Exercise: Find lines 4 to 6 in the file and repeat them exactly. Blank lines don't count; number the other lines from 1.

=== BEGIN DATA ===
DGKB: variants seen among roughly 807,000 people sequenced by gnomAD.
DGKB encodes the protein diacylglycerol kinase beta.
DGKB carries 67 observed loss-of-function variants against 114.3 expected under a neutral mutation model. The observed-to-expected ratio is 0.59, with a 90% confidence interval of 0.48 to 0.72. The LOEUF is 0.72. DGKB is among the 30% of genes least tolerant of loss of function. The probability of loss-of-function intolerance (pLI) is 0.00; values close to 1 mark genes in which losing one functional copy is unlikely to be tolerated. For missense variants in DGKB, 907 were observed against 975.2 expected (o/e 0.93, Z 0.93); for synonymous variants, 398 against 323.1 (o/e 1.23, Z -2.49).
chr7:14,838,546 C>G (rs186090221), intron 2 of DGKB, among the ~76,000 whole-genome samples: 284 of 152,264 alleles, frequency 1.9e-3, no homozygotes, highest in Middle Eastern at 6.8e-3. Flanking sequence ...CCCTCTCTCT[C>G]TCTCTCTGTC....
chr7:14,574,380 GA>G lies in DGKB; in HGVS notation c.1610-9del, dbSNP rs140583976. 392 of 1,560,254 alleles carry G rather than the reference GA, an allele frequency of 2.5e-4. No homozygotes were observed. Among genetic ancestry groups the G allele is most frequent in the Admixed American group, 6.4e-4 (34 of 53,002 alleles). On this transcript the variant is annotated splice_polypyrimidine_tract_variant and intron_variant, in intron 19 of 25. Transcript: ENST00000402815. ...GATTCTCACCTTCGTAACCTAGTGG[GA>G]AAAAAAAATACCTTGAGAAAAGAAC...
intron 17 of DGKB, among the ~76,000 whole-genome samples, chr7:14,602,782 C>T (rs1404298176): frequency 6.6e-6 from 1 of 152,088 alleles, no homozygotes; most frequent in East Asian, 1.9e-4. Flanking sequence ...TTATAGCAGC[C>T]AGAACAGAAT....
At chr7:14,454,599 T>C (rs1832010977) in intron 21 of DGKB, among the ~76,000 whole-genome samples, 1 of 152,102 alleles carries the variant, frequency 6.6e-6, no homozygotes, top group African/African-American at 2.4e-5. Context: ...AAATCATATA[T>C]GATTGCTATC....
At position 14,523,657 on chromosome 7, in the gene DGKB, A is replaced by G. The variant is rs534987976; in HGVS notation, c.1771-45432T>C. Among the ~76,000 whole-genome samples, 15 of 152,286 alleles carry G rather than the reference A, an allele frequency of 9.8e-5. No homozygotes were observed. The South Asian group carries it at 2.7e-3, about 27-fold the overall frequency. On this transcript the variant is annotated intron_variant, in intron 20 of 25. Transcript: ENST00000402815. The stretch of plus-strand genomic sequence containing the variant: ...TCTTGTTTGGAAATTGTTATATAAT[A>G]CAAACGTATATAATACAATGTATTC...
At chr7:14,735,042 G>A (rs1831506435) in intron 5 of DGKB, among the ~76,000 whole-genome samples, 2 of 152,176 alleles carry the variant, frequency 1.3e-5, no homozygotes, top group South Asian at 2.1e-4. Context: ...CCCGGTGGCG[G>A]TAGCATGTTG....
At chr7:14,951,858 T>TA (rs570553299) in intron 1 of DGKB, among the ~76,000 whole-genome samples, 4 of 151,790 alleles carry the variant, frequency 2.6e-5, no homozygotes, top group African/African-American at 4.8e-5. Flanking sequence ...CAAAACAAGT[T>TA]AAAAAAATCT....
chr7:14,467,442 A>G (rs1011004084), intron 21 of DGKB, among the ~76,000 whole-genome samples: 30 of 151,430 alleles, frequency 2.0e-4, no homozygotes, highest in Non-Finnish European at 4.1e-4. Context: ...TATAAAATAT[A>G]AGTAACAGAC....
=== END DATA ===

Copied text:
chr7:14,838,546 C>G (rs186090221), intron 2 of DGKB, among the ~76,000 whole-genome samples: 284 of 152,264 alleles, frequency 1.9e-3, no homozygotes, highest in Middle Eastern at 6.8e-3. Flanking sequence ...CCCTCTCTCT[C>G]TCTCTCTGTC....
chr7:14,574,380 GA>G lies in DGKB; in HGVS notation c.1610-9del, dbSNP rs140583976. 392 of 1,560,254 alleles carry G rather than the reference GA, an allele frequency of 2.5e-4. No homozygotes were observed. Among genetic ancestry groups the G allele is most frequent in the Admixed American group, 6.4e-4 (34 of 53,002 alleles). On this transcript the variant is annotated splice_polypyrimidine_tract_variant and intron_variant, in intron 19 of 25. Transcript: ENST00000402815. ...GATTCTCACCTTCGTAACCTAGTGG[GA>G]AAAAAAAATACCTTGAGAAAAGAAC...
intron 17 of DGKB, among the ~76,000 whole-genome samples, chr7:14,602,782 C>T (rs1404298176): frequency 6.6e-6 from 1 of 152,088 alleles, no homozygotes; most frequent in East Asian, 1.9e-4. Flanking sequence ...TTATAGCAGC[C>T]AGAACAGAAT....